Provides a historiographic summary of writings on Chief Justice John Marshall and his Supreme Court, beginning at the Centennial celebration in 1901 and ending with 2001.The paper's opening paragraph fills in Johnson's project:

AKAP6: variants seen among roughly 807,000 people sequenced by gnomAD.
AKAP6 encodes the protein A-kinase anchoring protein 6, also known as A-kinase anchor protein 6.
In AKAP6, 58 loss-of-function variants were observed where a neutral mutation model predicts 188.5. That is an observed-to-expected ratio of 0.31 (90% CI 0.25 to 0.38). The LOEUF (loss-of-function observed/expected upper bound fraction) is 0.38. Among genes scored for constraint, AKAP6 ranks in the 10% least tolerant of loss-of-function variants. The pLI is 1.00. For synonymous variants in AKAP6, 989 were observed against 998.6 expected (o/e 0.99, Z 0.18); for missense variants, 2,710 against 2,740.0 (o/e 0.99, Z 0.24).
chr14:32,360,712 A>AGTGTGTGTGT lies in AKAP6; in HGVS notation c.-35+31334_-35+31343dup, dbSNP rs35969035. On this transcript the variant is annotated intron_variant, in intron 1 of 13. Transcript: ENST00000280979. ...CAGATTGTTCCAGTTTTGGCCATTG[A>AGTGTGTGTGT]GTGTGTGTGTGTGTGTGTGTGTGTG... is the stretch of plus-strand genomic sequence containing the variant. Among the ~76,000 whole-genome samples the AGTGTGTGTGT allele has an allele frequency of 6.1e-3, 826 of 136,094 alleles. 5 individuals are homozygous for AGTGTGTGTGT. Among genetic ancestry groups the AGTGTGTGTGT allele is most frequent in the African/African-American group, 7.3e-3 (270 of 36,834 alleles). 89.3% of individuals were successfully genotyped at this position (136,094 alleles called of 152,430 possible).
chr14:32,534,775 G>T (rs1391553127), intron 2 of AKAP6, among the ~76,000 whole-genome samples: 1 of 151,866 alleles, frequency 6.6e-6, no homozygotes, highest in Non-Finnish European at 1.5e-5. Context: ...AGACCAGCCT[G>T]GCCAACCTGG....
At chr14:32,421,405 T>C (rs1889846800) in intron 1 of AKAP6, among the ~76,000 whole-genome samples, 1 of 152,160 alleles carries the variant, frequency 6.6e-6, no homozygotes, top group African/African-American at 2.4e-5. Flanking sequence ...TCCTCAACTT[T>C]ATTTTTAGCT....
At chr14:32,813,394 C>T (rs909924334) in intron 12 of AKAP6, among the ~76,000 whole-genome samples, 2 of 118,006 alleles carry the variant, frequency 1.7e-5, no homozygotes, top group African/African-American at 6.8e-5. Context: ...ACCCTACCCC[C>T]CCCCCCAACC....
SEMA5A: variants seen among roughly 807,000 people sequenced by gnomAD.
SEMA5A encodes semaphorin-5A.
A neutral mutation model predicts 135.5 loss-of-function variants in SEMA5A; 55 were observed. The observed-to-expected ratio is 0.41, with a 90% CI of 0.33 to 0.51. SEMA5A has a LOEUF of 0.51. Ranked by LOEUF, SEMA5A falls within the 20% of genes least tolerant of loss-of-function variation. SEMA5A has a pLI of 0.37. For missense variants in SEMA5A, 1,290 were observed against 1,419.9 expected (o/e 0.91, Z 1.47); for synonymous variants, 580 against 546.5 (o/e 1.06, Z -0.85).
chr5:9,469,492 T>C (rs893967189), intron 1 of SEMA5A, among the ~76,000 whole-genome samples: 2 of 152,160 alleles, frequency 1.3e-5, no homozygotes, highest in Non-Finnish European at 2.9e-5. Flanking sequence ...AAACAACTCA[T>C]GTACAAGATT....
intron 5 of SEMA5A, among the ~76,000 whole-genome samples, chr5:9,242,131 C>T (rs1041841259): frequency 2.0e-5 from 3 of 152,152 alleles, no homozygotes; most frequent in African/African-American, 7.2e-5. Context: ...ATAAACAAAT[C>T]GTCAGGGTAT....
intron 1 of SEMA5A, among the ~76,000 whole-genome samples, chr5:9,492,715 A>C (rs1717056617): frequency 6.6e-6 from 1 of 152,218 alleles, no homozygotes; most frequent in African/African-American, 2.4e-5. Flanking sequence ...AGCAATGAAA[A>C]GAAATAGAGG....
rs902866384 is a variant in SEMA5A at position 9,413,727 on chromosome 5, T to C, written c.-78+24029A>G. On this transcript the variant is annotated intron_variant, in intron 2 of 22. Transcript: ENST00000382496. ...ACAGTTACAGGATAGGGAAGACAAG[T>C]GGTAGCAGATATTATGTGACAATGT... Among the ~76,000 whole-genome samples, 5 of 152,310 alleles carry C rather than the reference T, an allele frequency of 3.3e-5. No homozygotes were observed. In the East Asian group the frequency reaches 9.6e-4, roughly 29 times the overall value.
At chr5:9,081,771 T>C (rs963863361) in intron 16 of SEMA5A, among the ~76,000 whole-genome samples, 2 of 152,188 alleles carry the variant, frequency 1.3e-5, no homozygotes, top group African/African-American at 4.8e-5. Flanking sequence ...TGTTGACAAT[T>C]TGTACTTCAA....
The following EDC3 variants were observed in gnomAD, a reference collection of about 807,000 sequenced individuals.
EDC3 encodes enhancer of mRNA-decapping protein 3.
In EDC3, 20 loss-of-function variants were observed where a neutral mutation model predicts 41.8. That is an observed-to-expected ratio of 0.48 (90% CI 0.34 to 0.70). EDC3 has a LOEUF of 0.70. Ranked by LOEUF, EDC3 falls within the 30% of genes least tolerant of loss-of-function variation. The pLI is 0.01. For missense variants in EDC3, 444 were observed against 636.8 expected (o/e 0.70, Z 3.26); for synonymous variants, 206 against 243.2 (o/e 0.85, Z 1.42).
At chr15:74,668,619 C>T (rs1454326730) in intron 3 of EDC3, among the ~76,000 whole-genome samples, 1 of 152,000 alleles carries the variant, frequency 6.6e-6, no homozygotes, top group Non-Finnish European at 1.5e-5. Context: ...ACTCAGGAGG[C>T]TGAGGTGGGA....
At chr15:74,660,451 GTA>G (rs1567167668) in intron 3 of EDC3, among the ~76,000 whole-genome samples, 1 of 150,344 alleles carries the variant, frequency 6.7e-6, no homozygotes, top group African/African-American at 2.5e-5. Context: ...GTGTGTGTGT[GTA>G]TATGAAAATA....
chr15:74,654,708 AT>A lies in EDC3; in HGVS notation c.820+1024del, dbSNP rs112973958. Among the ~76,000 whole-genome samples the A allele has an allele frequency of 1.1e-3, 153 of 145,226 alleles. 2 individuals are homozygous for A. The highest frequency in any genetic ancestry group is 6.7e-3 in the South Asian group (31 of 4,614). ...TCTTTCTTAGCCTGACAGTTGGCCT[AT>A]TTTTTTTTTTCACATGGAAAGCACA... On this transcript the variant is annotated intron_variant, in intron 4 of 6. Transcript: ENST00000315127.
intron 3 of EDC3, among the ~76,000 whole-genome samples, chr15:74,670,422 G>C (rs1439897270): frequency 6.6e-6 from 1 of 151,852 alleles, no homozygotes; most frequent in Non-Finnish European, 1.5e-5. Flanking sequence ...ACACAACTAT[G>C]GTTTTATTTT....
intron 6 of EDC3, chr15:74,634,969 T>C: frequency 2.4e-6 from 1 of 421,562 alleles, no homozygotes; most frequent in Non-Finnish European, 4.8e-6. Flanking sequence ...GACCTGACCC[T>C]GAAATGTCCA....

We have witnessed a striking change in the academic study of John Marshall since the Centennial of his Supreme Court appointment was celebrated in 1901. This has involved altered historiographical emphases and new research methods. To a degree the study of the Great Chief Justice has been driven more by intellectual currents contemporary to the authors than by the events and philosophies prevailing in Marshall’s own day. There is an all too human tendency to find in historical evidence what one is seeking, and to miss what an objective approach would demonstrate. That is particularly true of a subject like John Marshall who left few personal papers or documents for our study, and whose major public service was on the Supreme Court which has always been reticent in either personal or collective self-revelation. As this paper will show, it is only over the past fifty years--since the 1955 bicentennial celebration of Marshall’s birth-- that we have begun to examine with care the ill-founded generalizations that have been applied to the man and his Supreme Court chief justiceship.